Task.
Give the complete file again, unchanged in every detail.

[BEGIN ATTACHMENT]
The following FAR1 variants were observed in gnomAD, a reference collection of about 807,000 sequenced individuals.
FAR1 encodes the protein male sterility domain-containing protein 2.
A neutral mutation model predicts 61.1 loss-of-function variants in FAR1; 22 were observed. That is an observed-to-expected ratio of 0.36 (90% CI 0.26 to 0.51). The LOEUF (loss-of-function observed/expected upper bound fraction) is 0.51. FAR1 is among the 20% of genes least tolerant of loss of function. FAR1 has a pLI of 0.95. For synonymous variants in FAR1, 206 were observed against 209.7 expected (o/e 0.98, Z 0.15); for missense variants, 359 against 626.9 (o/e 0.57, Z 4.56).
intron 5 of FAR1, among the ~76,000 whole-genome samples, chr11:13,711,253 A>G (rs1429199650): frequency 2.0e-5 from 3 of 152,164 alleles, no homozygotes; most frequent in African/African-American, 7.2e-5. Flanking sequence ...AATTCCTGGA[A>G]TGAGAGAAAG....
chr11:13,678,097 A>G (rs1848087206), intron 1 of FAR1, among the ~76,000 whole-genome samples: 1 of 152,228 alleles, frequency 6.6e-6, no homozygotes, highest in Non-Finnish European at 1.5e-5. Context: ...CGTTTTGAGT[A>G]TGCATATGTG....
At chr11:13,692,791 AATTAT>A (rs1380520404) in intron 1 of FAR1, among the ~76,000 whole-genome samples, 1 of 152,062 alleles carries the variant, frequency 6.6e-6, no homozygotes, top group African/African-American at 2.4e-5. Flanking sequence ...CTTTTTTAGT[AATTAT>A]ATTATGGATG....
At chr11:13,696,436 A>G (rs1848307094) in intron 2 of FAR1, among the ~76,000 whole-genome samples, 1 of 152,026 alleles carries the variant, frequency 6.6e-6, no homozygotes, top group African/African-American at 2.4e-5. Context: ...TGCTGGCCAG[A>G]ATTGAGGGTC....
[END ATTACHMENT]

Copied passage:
The following FAR1 variants were observed in gnomAD, a reference collection of about 807,000 sequenced individuals.
FAR1 encodes the protein male sterility domain-containing protein 2.
A neutral mutation model predicts 61.1 loss-of-function variants in FAR1; 22 were observed. That is an observed-to-expected ratio of 0.36 (90% CI 0.26 to 0.51). The LOEUF (loss-of-function observed/expected upper bound fraction) is 0.51. FAR1 is among the 20% of genes least tolerant of loss of function. FAR1 has a pLI of 0.95. For synonymous variants in FAR1, 206 were observed against 209.7 expected (o/e 0.98, Z 0.15); for missense variants, 359 against 626.9 (o/e 0.57, Z 4.56).
intron 5 of FAR1, among the ~76,000 whole-genome samples, chr11:13,711,253 A>G (rs1429199650): frequency 2.0e-5 from 3 of 152,164 alleles, no homozygotes; most frequent in African/African-American, 7.2e-5. Flanking sequence ...AATTCCTGGA[A>G]TGAGAGAAAG....
chr11:13,678,097 A>G (rs1848087206), intron 1 of FAR1, among the ~76,000 whole-genome samples: 1 of 152,228 alleles, frequency 6.6e-6, no homozygotes, highest in Non-Finnish European at 1.5e-5. Context: ...CGTTTTGAGT[A>G]TGCATATGTG....
At chr11:13,692,791 AATTAT>A (rs1380520404) in intron 1 of FAR1, among the ~76,000 whole-genome samples, 1 of 152,062 alleles carries the variant, frequency 6.6e-6, no homozygotes, top group African/African-American at 2.4e-5. Flanking sequence ...CTTTTTTAGT[AATTAT>A]ATTATGGATG....
At chr11:13,696,436 A>G (rs1848307094) in intron 2 of FAR1, among the ~76,000 whole-genome samples, 1 of 152,026 alleles carries the variant, frequency 6.6e-6, no homozygotes, top group African/African-American at 2.4e-5. Context: ...TGCTGGCCAG[A>G]ATTGAGGGTC....